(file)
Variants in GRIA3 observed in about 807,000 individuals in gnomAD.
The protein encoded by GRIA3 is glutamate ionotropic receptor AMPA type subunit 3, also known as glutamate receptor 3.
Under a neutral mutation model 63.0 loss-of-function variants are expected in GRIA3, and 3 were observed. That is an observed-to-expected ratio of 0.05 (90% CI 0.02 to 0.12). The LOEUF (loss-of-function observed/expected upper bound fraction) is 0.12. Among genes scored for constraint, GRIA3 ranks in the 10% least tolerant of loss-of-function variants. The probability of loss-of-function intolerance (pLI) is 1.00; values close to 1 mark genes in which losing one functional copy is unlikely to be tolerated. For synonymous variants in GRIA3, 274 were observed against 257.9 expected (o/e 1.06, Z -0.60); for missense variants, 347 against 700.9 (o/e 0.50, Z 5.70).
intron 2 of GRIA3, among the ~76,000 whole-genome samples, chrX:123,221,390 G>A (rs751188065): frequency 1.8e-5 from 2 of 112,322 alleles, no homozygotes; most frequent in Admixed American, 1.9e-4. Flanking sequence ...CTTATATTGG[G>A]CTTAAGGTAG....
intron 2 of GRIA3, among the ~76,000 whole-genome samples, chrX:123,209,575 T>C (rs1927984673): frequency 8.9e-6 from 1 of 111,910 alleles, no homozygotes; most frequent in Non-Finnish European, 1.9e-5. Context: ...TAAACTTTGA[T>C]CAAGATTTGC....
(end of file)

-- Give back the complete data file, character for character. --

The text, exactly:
Variants in GRIA3 observed in about 807,000 individuals in gnomAD.
The protein encoded by GRIA3 is glutamate ionotropic receptor AMPA type subunit 3, also known as glutamate receptor 3.
Under a neutral mutation model 63.0 loss-of-function variants are expected in GRIA3, and 3 were observed. That is an observed-to-expected ratio of 0.05 (90% CI 0.02 to 0.12). The LOEUF (loss-of-function observed/expected upper bound fraction) is 0.12. Among genes scored for constraint, GRIA3 ranks in the 10% least tolerant of loss-of-function variants. The probability of loss-of-function intolerance (pLI) is 1.00; values close to 1 mark genes in which losing one functional copy is unlikely to be tolerated. For synonymous variants in GRIA3, 274 were observed against 257.9 expected (o/e 1.06, Z -0.60); for missense variants, 347 against 700.9 (o/e 0.50, Z 5.70).
intron 2 of GRIA3, among the ~76,000 whole-genome samples, chrX:123,221,390 G>A (rs751188065): frequency 1.8e-5 from 2 of 112,322 alleles, no homozygotes; most frequent in Admixed American, 1.9e-4. Flanking sequence ...CTTATATTGG[G>A]CTTAAGGTAG....
intron 2 of GRIA3, among the ~76,000 whole-genome samples, chrX:123,209,575 T>C (rs1927984673): frequency 8.9e-6 from 1 of 111,910 alleles, no homozygotes; most frequent in Non-Finnish European, 1.9e-5. Context: ...TAAACTTTGA[T>C]CAAGATTTGC....